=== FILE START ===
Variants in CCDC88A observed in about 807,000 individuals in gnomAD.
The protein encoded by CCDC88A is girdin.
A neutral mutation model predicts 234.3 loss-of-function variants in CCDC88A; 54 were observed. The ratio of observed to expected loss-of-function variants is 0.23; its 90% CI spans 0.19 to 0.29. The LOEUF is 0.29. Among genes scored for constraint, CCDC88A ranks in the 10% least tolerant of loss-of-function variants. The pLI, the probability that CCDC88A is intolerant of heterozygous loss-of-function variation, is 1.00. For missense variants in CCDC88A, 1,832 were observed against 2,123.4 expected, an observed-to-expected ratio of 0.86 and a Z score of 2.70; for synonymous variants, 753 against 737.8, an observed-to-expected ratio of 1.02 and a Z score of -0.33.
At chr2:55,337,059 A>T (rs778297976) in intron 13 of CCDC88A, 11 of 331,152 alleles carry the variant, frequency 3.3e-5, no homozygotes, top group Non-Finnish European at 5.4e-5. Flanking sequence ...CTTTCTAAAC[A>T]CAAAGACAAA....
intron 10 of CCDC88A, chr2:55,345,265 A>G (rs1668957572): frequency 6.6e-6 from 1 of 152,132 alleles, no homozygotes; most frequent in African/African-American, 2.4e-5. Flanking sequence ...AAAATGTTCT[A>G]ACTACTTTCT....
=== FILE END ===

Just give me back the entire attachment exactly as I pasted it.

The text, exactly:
Variants in CCDC88A observed in about 807,000 individuals in gnomAD.
The protein encoded by CCDC88A is girdin.
A neutral mutation model predicts 234.3 loss-of-function variants in CCDC88A; 54 were observed. The ratio of observed to expected loss-of-function variants is 0.23; its 90% CI spans 0.19 to 0.29. The LOEUF is 0.29. Among genes scored for constraint, CCDC88A ranks in the 10% least tolerant of loss-of-function variants. The pLI, the probability that CCDC88A is intolerant of heterozygous loss-of-function variation, is 1.00. For missense variants in CCDC88A, 1,832 were observed against 2,123.4 expected, an observed-to-expected ratio of 0.86 and a Z score of 2.70; for synonymous variants, 753 against 737.8, an observed-to-expected ratio of 1.02 and a Z score of -0.33.
At chr2:55,337,059 A>T (rs778297976) in intron 13 of CCDC88A, 11 of 331,152 alleles carry the variant, frequency 3.3e-5, no homozygotes, top group Non-Finnish European at 5.4e-5. Flanking sequence ...CTTTCTAAAC[A>T]CAAAGACAAA....
intron 10 of CCDC88A, chr2:55,345,265 A>G (rs1668957572): frequency 6.6e-6 from 1 of 152,132 alleles, no homozygotes; most frequent in African/African-American, 2.4e-5. Flanking sequence ...AAAATGTTCT[A>G]ACTACTTTCT....